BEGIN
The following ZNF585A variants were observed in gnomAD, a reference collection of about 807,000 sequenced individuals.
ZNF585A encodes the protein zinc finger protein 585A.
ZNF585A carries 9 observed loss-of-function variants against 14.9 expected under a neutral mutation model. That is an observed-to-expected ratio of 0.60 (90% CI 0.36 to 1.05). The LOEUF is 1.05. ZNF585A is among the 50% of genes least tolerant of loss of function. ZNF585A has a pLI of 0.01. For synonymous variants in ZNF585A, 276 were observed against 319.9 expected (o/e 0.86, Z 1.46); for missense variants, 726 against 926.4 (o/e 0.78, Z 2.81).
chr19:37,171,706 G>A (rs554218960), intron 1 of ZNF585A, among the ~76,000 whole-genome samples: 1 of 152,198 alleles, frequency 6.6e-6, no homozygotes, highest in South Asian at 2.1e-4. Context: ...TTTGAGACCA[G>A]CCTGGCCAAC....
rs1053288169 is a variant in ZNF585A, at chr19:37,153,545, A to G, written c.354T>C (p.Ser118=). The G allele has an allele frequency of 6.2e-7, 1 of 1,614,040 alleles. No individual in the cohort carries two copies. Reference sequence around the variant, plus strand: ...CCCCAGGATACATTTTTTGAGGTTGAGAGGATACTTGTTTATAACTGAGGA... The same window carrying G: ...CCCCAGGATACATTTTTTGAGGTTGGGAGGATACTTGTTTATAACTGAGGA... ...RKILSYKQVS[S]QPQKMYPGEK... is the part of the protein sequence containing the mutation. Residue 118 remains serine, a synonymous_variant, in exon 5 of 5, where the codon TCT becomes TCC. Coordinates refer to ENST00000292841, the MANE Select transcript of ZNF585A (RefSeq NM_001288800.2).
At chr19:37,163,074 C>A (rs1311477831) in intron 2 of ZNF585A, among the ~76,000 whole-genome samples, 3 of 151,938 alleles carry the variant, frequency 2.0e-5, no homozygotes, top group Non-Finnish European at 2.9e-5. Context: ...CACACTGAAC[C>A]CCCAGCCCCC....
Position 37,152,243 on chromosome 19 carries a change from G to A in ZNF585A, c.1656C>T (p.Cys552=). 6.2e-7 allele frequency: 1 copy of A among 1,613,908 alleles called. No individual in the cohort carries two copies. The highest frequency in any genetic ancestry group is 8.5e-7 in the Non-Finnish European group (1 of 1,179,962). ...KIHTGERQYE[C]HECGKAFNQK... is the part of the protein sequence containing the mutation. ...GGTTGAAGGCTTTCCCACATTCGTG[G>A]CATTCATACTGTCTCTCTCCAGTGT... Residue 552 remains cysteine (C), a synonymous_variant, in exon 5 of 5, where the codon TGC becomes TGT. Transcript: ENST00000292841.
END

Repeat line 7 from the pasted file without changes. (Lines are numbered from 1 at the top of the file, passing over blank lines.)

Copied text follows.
Position 37,152,243 on chromosome 19 carries a change from G to A in ZNF585A, c.1656C>T (p.Cys552=). 6.2e-7 allele frequency: 1 copy of A among 1,613,908 alleles called. No individual in the cohort carries two copies. The highest frequency in any genetic ancestry group is 8.5e-7 in the Non-Finnish European group (1 of 1,179,962). ...KIHTGERQYE[C]HECGKAFNQK... is the part of the protein sequence containing the mutation. ...GGTTGAAGGCTTTCCCACATTCGTG[G>A]CATTCATACTGTCTCTCTCCAGTGT... Residue 552 remains cysteine (C), a synonymous_variant, in exon 5 of 5, where the codon TGC becomes TGT. Transcript: ENST00000292841.